temerity she said: "Never mind the
change, sir the balance is for you, as
you have been very good to me."
Then an unprecedented thing hap
pened. The waiter bowed gravely and
said, I am very much obliged to you,
but,the waiters in this dining room are
not^permitted to accept any lips."
With that he gravely returned the
nickel, and with many a pleasant
"Thank you, sir for your kindness,"
she moved slowly out of the dining
room, smiling upon everybody as she
went.
DUEL OF SPELLING
With references to the duel between
General Andre and General Negrier
Parisians are recalling, the effective
manner in which a statesman of long
ago'replied to the challenge of an illit
erate bully. The statesman responded
with the following letter: "Dear Sir:
You have called me out without any
good reason. I have, therefore, the
choice of weapons. I choose the spell
ing book and you are a dead man*''
The duel, was never fought.
x'^rrFB*?
A String of
Good Stones
snorer.
'Son,' said the drummer,
doctor, and if that man doesn't stop
snoring he'll die of apoplexy.. Watch
your chance, and as soon as his mouth
opens a little wider, lean over and
squeeze this lemon into it.'
"The boy:obeyed."
TOO CONDENSED
K. Lincoln Lippitt, at a meeting of
the American Automobile club, was
talking of a certain valuable but rare
work on autompbiling.
"After trying to buy the book,"said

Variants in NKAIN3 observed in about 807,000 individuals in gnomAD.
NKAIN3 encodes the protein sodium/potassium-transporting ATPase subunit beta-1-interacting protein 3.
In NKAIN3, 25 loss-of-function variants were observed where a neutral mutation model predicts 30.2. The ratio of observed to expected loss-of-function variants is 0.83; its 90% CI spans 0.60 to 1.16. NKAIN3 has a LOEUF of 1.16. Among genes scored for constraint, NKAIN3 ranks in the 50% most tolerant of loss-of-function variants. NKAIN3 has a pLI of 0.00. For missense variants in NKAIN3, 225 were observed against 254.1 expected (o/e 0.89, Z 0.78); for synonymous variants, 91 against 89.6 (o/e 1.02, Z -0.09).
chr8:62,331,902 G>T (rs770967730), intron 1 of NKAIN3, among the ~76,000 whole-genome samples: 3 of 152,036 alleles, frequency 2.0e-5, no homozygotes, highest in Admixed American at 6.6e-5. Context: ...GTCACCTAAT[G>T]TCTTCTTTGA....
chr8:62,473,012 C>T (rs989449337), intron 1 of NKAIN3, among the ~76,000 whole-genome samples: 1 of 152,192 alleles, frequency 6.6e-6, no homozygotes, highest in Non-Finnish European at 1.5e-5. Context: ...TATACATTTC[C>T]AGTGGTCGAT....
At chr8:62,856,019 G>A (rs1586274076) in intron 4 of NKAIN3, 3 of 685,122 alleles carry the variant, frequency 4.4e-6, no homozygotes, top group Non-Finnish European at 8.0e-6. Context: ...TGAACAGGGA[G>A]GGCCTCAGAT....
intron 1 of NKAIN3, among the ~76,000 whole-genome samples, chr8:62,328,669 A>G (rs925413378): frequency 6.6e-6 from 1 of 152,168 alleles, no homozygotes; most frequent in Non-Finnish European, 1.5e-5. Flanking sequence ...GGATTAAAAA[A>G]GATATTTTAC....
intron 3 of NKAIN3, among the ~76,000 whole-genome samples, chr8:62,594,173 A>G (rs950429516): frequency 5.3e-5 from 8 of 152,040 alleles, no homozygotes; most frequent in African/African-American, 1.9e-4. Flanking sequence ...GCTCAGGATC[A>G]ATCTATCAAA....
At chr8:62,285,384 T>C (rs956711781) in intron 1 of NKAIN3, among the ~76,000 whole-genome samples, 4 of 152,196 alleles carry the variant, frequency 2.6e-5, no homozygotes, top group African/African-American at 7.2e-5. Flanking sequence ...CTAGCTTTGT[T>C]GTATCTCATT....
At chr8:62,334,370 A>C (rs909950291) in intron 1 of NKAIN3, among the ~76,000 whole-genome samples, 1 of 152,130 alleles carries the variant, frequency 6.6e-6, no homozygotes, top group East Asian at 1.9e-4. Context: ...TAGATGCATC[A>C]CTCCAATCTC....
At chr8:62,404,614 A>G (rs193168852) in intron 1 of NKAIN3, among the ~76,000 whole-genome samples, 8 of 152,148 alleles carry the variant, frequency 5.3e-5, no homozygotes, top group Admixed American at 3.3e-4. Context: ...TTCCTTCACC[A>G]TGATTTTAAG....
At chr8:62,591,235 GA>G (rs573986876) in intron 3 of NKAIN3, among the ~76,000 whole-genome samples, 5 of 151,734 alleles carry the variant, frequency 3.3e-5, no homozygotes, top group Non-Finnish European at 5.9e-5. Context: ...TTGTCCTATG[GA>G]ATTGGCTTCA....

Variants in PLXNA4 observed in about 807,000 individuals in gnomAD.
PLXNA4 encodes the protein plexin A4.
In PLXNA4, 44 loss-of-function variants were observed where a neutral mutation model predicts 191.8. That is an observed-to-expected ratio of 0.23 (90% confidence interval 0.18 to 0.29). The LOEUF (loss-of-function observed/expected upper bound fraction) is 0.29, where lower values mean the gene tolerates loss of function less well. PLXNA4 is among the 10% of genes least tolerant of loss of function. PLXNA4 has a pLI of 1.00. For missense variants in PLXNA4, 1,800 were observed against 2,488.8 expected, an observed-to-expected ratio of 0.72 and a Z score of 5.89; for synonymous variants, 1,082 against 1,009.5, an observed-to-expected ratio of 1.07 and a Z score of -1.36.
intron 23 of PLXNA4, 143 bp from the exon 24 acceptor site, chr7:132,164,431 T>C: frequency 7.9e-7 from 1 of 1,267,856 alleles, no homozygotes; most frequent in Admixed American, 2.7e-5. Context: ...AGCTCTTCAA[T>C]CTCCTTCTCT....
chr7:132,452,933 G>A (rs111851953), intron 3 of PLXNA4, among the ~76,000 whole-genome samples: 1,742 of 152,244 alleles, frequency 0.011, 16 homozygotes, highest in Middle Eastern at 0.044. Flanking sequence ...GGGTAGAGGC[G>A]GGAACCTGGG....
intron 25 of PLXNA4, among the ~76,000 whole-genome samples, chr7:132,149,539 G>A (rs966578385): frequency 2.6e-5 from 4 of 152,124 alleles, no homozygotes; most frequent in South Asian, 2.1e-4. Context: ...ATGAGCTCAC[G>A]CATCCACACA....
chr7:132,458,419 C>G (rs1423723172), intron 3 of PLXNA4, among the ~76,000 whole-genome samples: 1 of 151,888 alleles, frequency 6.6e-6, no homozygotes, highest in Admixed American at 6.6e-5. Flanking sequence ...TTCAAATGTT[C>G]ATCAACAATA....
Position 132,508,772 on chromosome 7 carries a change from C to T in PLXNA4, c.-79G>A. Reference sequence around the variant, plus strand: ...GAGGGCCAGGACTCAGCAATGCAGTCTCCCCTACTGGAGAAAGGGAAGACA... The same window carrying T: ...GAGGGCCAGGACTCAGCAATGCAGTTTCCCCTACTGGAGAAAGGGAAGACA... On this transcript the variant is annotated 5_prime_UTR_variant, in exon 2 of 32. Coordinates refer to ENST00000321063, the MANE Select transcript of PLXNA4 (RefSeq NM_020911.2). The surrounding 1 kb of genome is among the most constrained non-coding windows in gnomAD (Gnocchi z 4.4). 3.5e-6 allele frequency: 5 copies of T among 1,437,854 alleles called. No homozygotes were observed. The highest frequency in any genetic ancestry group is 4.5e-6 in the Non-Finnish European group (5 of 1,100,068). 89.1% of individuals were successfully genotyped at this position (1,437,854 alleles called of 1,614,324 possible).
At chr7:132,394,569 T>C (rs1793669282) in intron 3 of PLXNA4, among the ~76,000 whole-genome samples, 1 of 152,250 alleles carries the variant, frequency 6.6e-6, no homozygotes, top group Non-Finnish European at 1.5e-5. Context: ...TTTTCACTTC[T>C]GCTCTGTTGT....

Mr. Lippitt, "at every bookseller's I
could think of, I was told that I might
perhaps get it at a certain library.
"They had it, sure enough, at this
library, but it was out. I tried again,
and it was out again, and it was still
out.
'When will I be abl to get this
book?' I said to the clerk at last, in
some impatience.
'I'm sure don't know,' the clerk
answered airilv. But we've got' it,
all right. It's in the catalog.'
'Yes,' said I, I know it is but iu
so condensed a form that I can't read
it. '*_-_ ""':,_ v-.-n/:,
THE MADNESS OF HAMLEf
Eichard Mansfield^ at -a dinner party
in New Yorkj contributed an anecdote
to the, old question of- the sanity. df
Hamlet.
"One morning in the west," he said,
I met a young friend of mine, and
asked him where he had been the night
before.
I went,' my young friend repliedl
'to see So-and-So's Hamlet.' 1
'Aha, did you?' said I. 'Now tell
medo you think Hamlet was mad?'
I certainly do,' said he. 'There
wasn't a hundred dollars in the
house.' TOO MUCH FOB THE HIRED MAN
Professor Brander Matthews, along
with his belief in spelling reform, be
lieves in short words and in'simple
constructions. The simplicity of his
prose style, as it is manifested in his
interesting books, is only equaled by
its grace*
Apropos of simplicity, Professor Mat
thews said the other day:
"In my youth I once asse the sum
mer in the country. One of my friends,
an elderly farm hand, paid a visit to
New York during my country visit, and
on his return I said to him, employing
a word heedlessly complex and long: